An animated life: Considering Lindsay Bane

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Lindsay Bane works on some stop-motion animation. Courtesy photo.

By Helen Stephenson

Cartoons. If you’re “of a certain age” you remember Betty Boop, and Bugs Bunny. Then there’s Gumby, Tintin, Woody Woodpecker, Yogi Bear, The Flintstones, Mr. Magoo, Scooby Doo — and the list goes on to present day, when Pixar, Disney, and Dreamworks are still creating beautiful animation with well-told (though often rehashed) stories. The songs that come with many of the films have a tendency to become deeply embedded in our collective consciousness’s. (Dare we suggest you just, “Let it Go”?)

Beyond animation by the big studios, the art form consistently pops up in marketing, advertising, and web design. New careers are emerging in the field including forensic animation, which is used in court cases, medical procedure animation, biochemistry, and military animation. It’s a broad field.

Lindsay Bane, animation and film history professor at Yavapai College’s Film and Media Arts program, works in commercial applications for animation. She has produced and created animation for one of the top creative agencies in the U.S., TAG Creative, (L’Oreal, Maybelline). Beyond that she wears many other hats (and sometimes a butterfly …). She has her own production company, Banehood, and has been an associate producer for the Academy award-winning production company Cabin Creek Films (Miss Sharon Jones!). But at the center of each part of her life are passion, creativity, and professionalism.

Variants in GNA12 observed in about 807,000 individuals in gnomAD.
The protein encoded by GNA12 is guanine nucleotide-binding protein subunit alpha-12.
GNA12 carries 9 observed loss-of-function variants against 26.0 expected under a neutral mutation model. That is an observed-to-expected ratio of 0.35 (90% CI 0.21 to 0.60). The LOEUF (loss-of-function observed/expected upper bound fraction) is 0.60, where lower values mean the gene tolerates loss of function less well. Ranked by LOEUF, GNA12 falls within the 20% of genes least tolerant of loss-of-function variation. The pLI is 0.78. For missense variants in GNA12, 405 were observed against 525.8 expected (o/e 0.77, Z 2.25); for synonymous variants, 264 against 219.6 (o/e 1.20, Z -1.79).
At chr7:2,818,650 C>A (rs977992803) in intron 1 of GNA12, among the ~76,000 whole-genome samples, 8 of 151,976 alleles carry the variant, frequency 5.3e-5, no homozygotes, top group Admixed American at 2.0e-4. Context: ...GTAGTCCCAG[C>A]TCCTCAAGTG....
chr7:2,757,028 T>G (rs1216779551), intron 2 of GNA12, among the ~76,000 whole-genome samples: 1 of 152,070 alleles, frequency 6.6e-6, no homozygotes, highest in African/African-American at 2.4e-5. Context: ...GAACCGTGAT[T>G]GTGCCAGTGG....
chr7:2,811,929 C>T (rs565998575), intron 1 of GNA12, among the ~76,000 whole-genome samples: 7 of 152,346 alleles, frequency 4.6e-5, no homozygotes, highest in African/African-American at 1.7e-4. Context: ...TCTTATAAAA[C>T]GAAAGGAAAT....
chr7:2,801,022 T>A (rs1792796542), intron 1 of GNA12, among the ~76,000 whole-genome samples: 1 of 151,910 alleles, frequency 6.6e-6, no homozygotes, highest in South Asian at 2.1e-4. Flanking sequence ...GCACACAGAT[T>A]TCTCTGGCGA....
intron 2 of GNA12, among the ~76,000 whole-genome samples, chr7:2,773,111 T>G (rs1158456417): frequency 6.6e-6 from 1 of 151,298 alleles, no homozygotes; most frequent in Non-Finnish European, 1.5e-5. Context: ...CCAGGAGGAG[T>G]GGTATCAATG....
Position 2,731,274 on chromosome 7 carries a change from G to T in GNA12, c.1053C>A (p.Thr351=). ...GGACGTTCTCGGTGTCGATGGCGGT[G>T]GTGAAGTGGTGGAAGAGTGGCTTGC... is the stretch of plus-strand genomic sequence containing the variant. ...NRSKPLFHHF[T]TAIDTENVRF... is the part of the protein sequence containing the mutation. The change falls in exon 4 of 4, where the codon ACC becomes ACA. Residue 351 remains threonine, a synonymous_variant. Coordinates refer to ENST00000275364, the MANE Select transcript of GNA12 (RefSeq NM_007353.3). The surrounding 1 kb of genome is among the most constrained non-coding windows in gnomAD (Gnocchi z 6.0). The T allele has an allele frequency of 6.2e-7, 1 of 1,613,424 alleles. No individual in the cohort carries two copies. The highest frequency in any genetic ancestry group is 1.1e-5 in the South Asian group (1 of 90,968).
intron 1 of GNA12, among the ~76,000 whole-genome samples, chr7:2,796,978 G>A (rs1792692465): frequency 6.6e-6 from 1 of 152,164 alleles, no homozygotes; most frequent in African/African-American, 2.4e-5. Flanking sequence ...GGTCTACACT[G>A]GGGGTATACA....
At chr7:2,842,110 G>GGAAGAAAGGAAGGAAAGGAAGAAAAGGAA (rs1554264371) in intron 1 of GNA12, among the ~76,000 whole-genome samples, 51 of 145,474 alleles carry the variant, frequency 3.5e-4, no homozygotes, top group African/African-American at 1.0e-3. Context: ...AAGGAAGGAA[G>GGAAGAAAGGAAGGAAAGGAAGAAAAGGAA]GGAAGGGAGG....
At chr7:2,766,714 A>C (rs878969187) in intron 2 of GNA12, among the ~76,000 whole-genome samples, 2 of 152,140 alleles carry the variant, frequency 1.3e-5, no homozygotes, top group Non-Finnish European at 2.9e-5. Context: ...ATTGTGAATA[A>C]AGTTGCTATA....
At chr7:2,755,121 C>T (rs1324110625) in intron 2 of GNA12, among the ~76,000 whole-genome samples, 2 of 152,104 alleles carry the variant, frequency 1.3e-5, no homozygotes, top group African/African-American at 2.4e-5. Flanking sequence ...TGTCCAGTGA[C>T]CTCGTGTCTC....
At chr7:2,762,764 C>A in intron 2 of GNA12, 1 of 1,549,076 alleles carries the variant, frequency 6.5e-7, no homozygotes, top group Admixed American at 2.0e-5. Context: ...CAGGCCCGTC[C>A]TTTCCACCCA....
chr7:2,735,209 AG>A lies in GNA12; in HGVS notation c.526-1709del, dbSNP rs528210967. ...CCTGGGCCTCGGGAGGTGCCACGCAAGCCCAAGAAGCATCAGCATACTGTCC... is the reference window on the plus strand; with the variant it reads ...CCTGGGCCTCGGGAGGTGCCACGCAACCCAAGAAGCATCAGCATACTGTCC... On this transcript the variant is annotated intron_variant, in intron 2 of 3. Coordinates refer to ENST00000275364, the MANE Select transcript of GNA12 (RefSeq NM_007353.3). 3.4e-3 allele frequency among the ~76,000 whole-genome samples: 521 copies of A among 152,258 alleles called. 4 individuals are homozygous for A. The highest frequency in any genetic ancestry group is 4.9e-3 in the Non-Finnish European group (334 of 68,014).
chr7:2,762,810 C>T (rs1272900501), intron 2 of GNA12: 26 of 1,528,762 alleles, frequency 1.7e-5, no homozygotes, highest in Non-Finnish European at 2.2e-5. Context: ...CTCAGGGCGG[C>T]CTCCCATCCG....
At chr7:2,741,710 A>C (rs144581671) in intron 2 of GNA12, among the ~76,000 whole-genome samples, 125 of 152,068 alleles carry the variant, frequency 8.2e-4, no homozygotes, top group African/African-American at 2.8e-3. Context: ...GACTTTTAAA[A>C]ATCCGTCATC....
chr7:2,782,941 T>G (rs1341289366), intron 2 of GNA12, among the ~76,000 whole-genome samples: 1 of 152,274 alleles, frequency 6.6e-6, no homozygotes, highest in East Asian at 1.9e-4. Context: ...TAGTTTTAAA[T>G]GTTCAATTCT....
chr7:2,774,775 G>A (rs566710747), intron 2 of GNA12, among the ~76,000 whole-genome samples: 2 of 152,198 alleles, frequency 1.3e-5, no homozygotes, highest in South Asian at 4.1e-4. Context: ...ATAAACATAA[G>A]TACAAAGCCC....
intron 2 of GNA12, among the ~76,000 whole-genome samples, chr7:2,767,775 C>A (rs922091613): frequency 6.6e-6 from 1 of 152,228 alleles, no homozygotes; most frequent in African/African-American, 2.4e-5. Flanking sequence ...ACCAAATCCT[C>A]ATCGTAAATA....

There’s virtually no story that can’t be told in animation,” Bane said, adding, “Animation evokes a sense of wonder and charm, where anything is possible. This magical quality, combined with a filmmaker’s unique perspective, makes animation an essential storytelling form.”

She’s excited about sharing her skills with students via classes and feels that they “bring a new kind of excitement to their passion for storytelling.” Given a supportive environment, she said, they can “see big ideas come to life.”

By way of schooling, Bane has a master’s degree in film production from NYU’s Tisch School for the Arts. And, speaking of schooling, Bane is teaching Yavapai College’s new Animation Certificate this fall. Students learn different forms of animation from paper cut-out, stop motion, and digital animation, across 2D and 3D forms.

I really believe animation can be a powerful experience for film students,” she said.

Tune in for more updates.

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Helen Stephenson is the director of the Yavapai College Film and Media Arts Program and executive director and founder of the Prescott Film Festival, where her thirst for independent cinema is quenched.

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